■ The Masterpiece fair at the Royal Hospital Chelsea is sold to Art Basel owner MCH Group with plans to take the brand to other key global markets.
■ The troubled saga of Stanley Gibbons plc and its ‘interiors division’ reaches a conclusion with the sale of Dreweatts for £1.25m to Gurr Johns. Mayfair-based dealership Mallett, bought for close to £8m in 2014, closes after a final stock sale.
● The UK triggers Article 50 of the Lisbon Treaty.
● A snap UK general election results in a hung parliament.
■ Administrators wind down Australian auction house Mossgreen after 400 people and businesses are owed money totalling over Aus$12m.
■ The Fine Art Society ends its 142-year stint on Bond Street.
■ The Ivory Bill 2018 is passed. Only a small number of exemptions for antiques and musical instruments are proposed.
■ The David and Peggy Rockefeller collection is dispersed at Christie’s. The white-glove sale posts a new high for any single-owner collection at $832.6m (£612m).
■ The General Data Protection Regulation 2018 (better known as GDPR) passes into law bringing a deluge of ‘opt in’ emails and the occasional doomsday prediction.
■ The mammoth disposal of the Aristophil collections of historic manuscripts begins in Paris. It may take as many as 300 sales to disperse the 135,000 manuscripts.
■ ATG reports that the ivory elements of a Chippendale commode are replaced with celluloid to ease its export from the US for sale at Christie’s in London.
■ Works of art are caught up in an escalating US-China trade war. Chinese art and antiques are listed among goods subject to President Trump’s proposed 25% import duty.
■ Bonhams chairman Robert Brooks retires as the firm is sold to private equity group Epiris.
■ The recently discovered pair to the famous ‘Bainbridge vase’ is sold at Sotheby’s Hong Kong on October 3 for HK$130m (£12.75m).
■ A boycott of AbeBooks is held by more than 580 dealers. Nearly 3.8m books are temporarily removed from the site in protest at Abe’s decision to pull out of the Czech Republic, Hungary, South Korea and Russia. Abe backs down.
● Greta Thunberg starts her school strike.
● More than half the world’s population (3.9bn) is connected to the internet.
■ Ahead of Brexit, the trade federation Conseil National du Marché de l’Art (CNMA) publishes an open letter to the French government calling for changes to stop France’s art market losing out.
■ A 10-year-long legal tussle to decide who should pay the Artist’s Resale Right in France concludes. The Supreme Court ruling means that the levy can now be transferred to buyers.
■ Bonhams becomes the first auction house to introduce a fourth tier of buyer’s premium charges: a new threshold of 27.5% is added.
■ The Getty Museum emerges as the mystery buyer of 17 of the 40 cameos and intaglios consigned for sale to Christie’s New York by the heirs of Roman art dealer Giorgio Sangiorgi (1886-1965). The 17 gems cost a total of $7.65m with premium.
■ Sussex police hunt for ram raiders responsible for a £830,000 jewellery heist at the Petworth Park Antiques & Fine Art Fair.
■ French businessman and art collector Patrick Drahi takes Sotheby’s into private ownership after 31 years with a $3.7bn deal.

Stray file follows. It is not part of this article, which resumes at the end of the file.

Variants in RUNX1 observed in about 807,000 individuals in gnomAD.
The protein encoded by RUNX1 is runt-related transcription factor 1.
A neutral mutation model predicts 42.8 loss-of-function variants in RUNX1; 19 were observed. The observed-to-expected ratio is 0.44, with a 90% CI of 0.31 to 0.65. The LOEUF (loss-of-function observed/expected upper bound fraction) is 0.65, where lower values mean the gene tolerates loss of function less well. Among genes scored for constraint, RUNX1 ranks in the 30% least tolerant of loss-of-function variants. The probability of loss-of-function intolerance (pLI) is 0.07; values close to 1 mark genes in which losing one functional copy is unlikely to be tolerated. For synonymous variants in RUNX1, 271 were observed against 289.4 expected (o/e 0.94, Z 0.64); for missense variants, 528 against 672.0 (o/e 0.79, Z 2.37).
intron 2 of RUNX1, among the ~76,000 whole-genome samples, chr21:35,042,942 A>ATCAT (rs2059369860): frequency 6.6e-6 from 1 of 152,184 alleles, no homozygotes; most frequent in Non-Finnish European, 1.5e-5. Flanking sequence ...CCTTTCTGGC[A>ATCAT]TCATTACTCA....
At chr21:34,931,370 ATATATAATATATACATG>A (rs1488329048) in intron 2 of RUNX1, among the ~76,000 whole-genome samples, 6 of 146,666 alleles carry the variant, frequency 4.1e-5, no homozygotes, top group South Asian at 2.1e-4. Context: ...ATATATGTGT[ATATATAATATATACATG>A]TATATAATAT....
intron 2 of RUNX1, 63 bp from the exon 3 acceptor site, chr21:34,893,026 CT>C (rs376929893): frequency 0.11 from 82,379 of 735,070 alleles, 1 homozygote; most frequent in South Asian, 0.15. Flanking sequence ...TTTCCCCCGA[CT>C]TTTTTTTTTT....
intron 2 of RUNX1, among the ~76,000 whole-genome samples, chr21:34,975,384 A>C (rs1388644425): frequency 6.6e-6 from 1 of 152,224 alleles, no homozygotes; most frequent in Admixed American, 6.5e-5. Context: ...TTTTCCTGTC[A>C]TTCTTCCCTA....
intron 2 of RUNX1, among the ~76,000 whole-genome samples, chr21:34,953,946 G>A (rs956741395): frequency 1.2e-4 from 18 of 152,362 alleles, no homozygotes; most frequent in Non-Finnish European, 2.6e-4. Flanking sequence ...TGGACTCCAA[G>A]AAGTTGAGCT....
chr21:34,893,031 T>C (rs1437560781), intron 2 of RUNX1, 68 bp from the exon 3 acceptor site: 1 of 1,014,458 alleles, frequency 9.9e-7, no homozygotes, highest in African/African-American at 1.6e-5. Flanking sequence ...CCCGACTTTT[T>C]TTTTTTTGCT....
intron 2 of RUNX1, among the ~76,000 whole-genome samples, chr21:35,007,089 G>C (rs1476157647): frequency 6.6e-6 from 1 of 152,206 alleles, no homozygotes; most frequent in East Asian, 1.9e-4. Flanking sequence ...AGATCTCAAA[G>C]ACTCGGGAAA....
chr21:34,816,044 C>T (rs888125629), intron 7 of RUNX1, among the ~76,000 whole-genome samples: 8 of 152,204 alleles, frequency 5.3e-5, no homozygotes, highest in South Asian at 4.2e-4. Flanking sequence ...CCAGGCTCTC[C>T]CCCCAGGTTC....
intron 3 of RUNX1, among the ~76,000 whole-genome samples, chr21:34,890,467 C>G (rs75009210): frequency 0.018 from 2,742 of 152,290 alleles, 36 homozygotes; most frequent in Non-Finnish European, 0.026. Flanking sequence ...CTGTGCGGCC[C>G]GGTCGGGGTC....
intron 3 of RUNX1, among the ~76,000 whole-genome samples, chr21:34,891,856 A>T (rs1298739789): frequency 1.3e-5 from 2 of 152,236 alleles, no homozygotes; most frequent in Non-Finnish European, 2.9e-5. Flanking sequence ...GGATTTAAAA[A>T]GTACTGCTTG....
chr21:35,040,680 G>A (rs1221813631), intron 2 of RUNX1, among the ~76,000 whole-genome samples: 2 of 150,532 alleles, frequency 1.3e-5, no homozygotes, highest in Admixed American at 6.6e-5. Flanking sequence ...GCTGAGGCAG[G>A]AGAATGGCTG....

■ The BADA sells a majority stake in its annual fair to dealer Thomas Woodham-Smith and stand builder Harry Van der Hoorn.
■ Marco Forgione, BADA’s first-ever CEO and a key architect of modernisation, steps down after four years.
■ For the first time, the summer’s series of London book and map fairs are aligned to run in the same four-day stretch.
● Brexit political chaos results in Boris Johnson becoming PM.
● UK sets target to reach net zero greenhouse gas emissions by 2050.
■ ATG carries its first Covid-19 story as fairs are cancelled in Hong Kong.
■ A year of closures and postponements follows the arrival of a global health emergency. In March, TEFAF in Maastricht is truncated after a positive Covid test among the exhibitors while The Open Art Fair shuts after two days.
■ While the premises of ‘non-essential businesses’ are closed to the public, auction houses thrive via ‘live online only’ sales and timed online auctions. Online versions of ABA’s Firsts, Tribal Art London, Art & Antiques for Everyone and TEFAF are launched.
■ Sotheby’s introduces a so-called ‘overhead’ premium – a new 1% flat fee for buyers applicable on all lots.
■ Lockdowns prompt the focus on the home and, for some at least, the spare hours and the disposable income to make improvements. The middle-market bounces.
■ The 5th Anti-Money Laundering Directive (known as 5AMLD) becomes law, requiring auction houses, art galleries and dealerships to conduct stricter due diligence on buyers who purchase ‘works of art’ above a threshold of €10,000.
■ Lobby group FACT, which sought to overturn the Ivory Act 2018, is denied a final appeal by the Supreme Court.
● Covid-19 pandemic dominates events.
● UK temperatures reach 37.8OC in a blazing hot summer.
● The UK leaves the EU at the end of the year.
■ ATG reveals the UK will follow existing Artist's Resale RIght (ARR) rules under the new Brexit trade deal.
■ Latest figures show that Sotheby's ($4.8bn) edged ahead of Christie's ($4.4bn) in annual turnover last year.
■ The collection of Isle of Man entrepreneur and horologist Dr John C Taylor (b.1936) goes on sale at Winchester dealership Carter Marsh.
■ TEFAF Maastricht 2021 is cancelled due to the pandemic despite moving from March to September but The Petworth Park Antiques & Fine Art Fair is able to go ahead as it is classed as an outdoors event.
■ ATG’s parent company, Auction Technology Group, lists on the Main Market of the London Stock Exchange.
■ Stanley Gibbons buys the British Guiana One-Cent Magenta, the world's most expensive stamp, for $7m (£4.97m) at Sotheby's New York.
■ A printed copy of the Declaration of Independence discovered in Scotland sells for $3.7m at Freeman's in Philadelphia.
■ Lockdowns around the UK gradually ease during spring.
● UK Covid vaccine roll-out reaches 48m people with a first dose by end of August.
● Perseverance rover lands on Mars.
● Prince Philip dies aged 99.
● Final Debenhams store is closed, after more than 240 years in business.
● Taliban return to power in Afghanistan.